China promises companies aid, says growth targets can be met

BEIJING (AP) – Regulators promised tax cuts and other aid yesterday to help companies recover from China’s virus outbreak and expressed confidence the ruling Communist Party’s growth targets can be achieved despite anti-disease controls that shut down much of the economy.

At a news conference, finance and planning officials said they are looking at how to channel aid to businesses after President Xi Jinping publicly promised over the past week to ensure farming and other industries recover quickly.

Manufacturing and other industries are gradually reviving, but forecasters say it is likely to be at least mid-March before automakers and other companies have returned to full production.

The government is looking at “targetted tax reduction,” interest rate cuts and payments to poor and virus-hit areas, said an assistant finance minister, Ou Wenhan.

“We will do a good job of implementing large-scale interest rate reduction and tax deferral and ensure effective implementation as soon as possible,” said Ou.

Business activity plunged after the government extended the Lunar New Year holiday in January to keep factories and offices closed and told the public not to travel. Officials are shifting toward reviving business but also have orders to prevent infection from spreading as millions of people return to work.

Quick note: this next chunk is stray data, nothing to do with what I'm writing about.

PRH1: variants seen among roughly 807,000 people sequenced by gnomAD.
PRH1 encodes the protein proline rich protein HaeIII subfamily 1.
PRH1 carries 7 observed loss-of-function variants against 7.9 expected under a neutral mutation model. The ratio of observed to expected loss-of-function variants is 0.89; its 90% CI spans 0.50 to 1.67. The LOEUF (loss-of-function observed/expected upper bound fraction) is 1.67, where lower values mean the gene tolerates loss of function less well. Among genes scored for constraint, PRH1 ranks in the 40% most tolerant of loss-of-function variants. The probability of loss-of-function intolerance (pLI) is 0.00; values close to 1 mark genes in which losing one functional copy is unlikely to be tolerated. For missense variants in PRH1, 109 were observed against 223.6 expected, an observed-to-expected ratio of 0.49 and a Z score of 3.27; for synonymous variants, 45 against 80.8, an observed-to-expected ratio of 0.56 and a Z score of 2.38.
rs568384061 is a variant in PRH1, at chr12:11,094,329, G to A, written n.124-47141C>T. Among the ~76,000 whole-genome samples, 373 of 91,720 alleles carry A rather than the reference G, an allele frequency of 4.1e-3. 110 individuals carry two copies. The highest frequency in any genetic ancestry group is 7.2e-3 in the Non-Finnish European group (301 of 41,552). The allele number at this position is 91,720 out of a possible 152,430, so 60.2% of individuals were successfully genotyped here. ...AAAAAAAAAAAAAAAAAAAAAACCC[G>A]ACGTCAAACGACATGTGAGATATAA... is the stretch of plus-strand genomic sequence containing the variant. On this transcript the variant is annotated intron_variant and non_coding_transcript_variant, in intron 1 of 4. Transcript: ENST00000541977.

Workers take a rest near the closed restaurant and bank in Wuhan in central China’s Hubei province. Warning that China’s virus epidemic is ‘still grim and complex,’ President Xi Jinping called on Sunday for more efforts to stop the outbreak, revive industry and prevent the disease from disrupting spring planting of crops. PHOTO: AP

During a meeting on Sunday, Xi said regions deemed to be at low risk of the disease should ease curbs controls and revive business activity while high-risk regions should focus on control. Xi said officials also should make sure planting of spring crops in China’s vast countryside isn’t disrupted.

Asked whether Beijing planned to reduce its economic growth targets for the year, the general secretary of the Cabinet’s planning agency, the National Development and Reform Commission (NDRC), expressed confidence the virus’ impact would be brief.

The ruling party has yet to announce this year’s economic targets after 2019 growth fell to a multi-decade low of 6.1 per cent. Forecasters expect it to be about six per cent but say if the disease isn’t controlled quickly, growth could decline to as low as five per cent, raising the risk of politically dangerous job losses.

“The epidemic’s impact on the economy and society is short-term and generally controllable and will not change China’s long-term positive economic fundamentals,” said the NDRC official, Cong Liang.

“Economic and social development goals for 2020 can be achieved,” Cong said.

Nearly 1,000 companies have received low-interest loans from a 300 billion yuan (USD43 billion) recovery fund offered by the central bank, according to a People’s Bank of China official, Chen Yulu.

Cong said industrial output is rebounding, though he gave no indication when the government expects it to return to normal.

Production by companies in trade-oriented coastal areas has risen above 70 per cent of normal, according to Cong. He said food processing, coal mining and other industries are back to at least 70 per cent, but he gave no figures for the level of production at their lowest point during the outbreak.